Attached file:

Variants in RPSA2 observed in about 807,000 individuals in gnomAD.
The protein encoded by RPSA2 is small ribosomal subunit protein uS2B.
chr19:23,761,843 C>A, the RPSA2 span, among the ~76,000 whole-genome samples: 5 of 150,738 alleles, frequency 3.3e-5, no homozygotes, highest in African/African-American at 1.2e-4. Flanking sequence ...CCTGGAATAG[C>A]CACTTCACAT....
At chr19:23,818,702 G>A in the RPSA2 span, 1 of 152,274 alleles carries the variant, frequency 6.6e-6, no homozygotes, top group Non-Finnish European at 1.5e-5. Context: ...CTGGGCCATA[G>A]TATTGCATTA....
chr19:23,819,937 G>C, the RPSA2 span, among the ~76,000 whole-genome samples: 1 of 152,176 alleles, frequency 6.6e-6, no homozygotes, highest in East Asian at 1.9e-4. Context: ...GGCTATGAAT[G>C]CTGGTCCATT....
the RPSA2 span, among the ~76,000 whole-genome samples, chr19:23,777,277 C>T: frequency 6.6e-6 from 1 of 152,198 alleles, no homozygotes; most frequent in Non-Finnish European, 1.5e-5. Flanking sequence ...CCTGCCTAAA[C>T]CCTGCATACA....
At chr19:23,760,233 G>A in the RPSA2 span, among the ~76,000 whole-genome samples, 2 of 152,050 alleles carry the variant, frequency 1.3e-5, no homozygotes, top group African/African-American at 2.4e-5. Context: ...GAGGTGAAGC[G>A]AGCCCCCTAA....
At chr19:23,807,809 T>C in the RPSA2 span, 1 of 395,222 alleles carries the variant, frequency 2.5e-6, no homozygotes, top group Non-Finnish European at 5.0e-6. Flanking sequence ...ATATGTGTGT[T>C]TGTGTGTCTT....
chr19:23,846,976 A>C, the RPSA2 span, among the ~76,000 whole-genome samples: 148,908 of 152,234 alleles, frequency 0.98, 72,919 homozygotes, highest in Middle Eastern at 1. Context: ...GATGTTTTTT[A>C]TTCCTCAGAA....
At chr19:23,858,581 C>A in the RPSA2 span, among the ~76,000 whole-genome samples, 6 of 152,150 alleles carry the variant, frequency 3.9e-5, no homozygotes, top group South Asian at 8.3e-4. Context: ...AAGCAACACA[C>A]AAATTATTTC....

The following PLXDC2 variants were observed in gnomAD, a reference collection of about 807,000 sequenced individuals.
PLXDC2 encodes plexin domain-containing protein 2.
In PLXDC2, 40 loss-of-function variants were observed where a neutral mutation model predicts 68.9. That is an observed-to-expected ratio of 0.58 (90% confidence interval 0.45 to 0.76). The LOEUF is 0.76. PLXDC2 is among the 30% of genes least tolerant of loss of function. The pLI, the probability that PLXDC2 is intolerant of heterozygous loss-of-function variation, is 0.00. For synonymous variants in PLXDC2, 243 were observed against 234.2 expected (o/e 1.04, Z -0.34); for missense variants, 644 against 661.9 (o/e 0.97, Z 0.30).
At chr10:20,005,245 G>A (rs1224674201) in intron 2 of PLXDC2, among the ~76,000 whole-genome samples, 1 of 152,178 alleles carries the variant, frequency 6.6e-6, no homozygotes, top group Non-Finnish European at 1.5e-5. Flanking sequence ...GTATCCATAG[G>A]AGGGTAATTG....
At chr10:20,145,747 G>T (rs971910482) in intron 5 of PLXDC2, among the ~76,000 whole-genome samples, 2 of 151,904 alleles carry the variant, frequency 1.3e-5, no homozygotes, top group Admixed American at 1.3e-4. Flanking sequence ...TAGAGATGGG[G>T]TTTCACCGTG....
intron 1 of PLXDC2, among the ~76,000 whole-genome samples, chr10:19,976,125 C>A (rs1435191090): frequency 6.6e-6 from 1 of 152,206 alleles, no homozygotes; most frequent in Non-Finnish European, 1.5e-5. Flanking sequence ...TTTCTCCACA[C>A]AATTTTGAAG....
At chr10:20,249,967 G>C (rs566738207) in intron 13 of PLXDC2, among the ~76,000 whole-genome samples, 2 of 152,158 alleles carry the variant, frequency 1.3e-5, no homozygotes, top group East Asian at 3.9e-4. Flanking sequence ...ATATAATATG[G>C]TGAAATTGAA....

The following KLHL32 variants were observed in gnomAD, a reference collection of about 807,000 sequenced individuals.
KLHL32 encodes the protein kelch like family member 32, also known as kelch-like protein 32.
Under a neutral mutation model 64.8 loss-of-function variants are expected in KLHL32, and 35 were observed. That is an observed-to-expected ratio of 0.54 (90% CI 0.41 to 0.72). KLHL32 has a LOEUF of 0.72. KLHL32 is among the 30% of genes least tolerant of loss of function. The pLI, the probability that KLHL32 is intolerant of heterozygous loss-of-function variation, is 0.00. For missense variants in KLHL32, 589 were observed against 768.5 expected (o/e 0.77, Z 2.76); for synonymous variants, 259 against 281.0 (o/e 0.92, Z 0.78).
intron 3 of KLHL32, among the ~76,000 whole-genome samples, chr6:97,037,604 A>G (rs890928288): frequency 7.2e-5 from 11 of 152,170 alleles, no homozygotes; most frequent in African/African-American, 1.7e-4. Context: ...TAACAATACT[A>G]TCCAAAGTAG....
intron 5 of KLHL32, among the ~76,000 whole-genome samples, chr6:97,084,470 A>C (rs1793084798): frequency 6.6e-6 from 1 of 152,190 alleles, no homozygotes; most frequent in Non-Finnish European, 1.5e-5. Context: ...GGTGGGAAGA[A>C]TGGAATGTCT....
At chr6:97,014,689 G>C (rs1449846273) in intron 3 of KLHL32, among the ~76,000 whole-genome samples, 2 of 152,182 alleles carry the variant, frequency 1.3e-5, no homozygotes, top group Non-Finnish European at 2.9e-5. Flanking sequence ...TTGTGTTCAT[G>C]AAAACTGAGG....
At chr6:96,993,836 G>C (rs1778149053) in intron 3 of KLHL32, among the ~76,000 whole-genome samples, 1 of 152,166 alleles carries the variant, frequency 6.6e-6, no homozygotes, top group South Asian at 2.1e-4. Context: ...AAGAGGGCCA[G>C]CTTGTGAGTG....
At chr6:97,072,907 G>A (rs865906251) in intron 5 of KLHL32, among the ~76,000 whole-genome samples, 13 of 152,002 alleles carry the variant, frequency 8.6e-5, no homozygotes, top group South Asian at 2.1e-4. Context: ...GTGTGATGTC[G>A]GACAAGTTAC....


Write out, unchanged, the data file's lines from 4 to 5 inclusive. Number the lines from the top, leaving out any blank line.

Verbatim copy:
At chr19:23,818,702 G>A in the RPSA2 span, 1 of 152,274 alleles carries the variant, frequency 6.6e-6, no homozygotes, top group Non-Finnish European at 1.5e-5. Context: ...CTGGGCCATA[G>A]TATTGCATTA....
chr19:23,819,937 G>C, the RPSA2 span, among the ~76,000 whole-genome samples: 1 of 152,176 alleles, frequency 6.6e-6, no homozygotes, highest in East Asian at 1.9e-4. Context: ...GGCTATGAAT[G>C]CTGGTCCATT....